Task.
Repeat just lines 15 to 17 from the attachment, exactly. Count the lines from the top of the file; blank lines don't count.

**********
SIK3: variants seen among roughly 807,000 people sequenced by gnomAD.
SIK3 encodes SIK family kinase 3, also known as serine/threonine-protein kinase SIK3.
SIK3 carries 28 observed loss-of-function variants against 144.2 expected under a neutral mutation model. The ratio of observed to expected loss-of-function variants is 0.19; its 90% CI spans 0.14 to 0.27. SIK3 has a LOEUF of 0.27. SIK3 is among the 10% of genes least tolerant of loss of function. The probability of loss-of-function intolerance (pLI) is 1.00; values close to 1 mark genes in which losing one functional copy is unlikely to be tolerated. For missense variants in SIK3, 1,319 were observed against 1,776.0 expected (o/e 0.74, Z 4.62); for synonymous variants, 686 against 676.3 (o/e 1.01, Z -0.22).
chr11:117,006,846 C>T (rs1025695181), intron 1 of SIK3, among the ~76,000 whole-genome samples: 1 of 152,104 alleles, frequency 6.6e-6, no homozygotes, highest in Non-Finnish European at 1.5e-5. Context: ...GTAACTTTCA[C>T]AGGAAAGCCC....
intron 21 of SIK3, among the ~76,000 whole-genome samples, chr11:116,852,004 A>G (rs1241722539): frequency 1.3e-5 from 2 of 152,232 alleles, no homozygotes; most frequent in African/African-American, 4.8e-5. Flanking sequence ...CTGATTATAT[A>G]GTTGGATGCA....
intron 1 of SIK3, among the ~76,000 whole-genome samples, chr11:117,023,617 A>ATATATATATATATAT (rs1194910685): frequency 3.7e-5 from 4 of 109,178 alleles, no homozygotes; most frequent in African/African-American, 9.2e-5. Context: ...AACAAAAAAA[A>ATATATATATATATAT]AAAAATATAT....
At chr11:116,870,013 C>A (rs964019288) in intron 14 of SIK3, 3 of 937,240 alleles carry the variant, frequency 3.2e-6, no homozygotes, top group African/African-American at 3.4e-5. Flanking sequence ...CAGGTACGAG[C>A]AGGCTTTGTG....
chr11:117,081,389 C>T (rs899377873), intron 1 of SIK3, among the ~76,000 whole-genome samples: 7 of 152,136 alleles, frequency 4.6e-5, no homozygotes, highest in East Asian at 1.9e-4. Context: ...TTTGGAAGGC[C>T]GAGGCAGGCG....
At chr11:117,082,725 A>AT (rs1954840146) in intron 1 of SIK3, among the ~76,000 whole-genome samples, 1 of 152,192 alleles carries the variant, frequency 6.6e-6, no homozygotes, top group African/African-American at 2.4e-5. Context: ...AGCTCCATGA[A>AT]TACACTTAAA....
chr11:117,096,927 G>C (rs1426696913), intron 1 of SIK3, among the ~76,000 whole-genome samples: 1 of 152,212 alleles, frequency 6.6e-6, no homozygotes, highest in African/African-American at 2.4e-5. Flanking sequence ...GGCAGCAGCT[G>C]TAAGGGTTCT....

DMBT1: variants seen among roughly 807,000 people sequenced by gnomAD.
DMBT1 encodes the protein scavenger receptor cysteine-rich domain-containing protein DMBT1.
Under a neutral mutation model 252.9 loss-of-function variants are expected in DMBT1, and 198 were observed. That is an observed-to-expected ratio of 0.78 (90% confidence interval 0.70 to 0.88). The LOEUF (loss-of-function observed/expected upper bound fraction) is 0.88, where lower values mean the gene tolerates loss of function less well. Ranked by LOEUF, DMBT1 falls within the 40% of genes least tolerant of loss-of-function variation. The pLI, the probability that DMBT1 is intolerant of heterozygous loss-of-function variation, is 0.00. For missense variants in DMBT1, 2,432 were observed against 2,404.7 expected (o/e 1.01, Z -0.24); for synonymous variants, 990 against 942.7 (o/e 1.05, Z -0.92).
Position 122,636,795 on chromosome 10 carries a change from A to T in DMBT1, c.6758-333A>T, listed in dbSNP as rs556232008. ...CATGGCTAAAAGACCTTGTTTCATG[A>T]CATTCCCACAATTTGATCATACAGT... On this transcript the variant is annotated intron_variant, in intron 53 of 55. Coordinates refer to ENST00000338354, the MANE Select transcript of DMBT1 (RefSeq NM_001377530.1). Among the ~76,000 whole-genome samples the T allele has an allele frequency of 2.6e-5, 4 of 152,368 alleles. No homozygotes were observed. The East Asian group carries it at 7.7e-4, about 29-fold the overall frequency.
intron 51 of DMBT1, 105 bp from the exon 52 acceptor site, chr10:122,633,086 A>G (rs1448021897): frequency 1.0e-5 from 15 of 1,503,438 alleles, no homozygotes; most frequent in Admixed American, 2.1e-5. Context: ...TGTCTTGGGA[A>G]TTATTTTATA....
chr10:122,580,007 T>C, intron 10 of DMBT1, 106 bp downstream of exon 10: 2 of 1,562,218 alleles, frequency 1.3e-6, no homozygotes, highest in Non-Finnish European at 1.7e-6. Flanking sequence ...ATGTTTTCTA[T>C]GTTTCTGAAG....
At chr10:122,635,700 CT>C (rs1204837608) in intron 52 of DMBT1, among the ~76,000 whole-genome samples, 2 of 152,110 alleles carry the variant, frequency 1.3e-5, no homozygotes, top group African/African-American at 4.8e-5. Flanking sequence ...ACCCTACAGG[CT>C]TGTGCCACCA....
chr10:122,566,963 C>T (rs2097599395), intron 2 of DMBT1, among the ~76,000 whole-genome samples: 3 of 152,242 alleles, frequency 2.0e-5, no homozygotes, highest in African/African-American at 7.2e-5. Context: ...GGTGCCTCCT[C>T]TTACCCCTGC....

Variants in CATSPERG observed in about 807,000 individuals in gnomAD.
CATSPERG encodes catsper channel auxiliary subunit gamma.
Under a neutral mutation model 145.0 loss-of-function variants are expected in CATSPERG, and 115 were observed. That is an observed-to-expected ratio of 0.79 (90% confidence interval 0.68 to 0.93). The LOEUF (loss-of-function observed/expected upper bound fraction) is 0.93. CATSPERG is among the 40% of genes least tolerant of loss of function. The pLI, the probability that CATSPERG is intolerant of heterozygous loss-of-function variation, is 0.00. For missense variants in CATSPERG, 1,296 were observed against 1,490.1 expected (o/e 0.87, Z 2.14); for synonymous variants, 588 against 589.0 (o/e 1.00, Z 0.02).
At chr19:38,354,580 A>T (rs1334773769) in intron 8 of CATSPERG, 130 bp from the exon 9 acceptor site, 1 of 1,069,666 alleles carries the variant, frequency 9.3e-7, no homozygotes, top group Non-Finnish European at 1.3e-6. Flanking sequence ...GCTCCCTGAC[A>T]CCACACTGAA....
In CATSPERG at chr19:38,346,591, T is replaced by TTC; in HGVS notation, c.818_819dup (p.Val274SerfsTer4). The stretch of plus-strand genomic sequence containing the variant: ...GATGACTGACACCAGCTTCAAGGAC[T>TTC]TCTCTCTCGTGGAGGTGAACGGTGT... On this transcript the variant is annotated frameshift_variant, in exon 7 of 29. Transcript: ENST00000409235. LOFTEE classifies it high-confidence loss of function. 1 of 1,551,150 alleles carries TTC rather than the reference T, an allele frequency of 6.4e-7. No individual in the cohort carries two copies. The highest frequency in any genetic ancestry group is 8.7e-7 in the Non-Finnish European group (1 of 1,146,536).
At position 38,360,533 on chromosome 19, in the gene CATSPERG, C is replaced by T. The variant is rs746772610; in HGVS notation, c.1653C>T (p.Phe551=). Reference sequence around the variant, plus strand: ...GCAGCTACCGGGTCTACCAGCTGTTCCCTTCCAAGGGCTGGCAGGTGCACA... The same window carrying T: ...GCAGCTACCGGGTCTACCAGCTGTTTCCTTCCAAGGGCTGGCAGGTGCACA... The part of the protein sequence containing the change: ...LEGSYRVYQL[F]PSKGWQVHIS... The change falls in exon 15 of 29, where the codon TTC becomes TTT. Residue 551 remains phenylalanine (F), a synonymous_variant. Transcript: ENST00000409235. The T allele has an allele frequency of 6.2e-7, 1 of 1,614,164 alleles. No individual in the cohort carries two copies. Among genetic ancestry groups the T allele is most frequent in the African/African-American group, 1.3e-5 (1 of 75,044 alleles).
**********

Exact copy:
intron 51 of DMBT1, 105 bp from the exon 52 acceptor site, chr10:122,633,086 A>G (rs1448021897): frequency 1.0e-5 from 15 of 1,503,438 alleles, no homozygotes; most frequent in Admixed American, 2.1e-5. Context: ...TGTCTTGGGA[A>G]TTATTTTATA....
chr10:122,580,007 T>C, intron 10 of DMBT1, 106 bp downstream of exon 10: 2 of 1,562,218 alleles, frequency 1.3e-6, no homozygotes, highest in Non-Finnish European at 1.7e-6. Flanking sequence ...ATGTTTTCTA[T>C]GTTTCTGAAG....
At chr10:122,635,700 CT>C (rs1204837608) in intron 52 of DMBT1, among the ~76,000 whole-genome samples, 2 of 152,110 alleles carry the variant, frequency 1.3e-5, no homozygotes, top group African/African-American at 4.8e-5. Flanking sequence ...ACCCTACAGG[CT>C]TGTGCCACCA....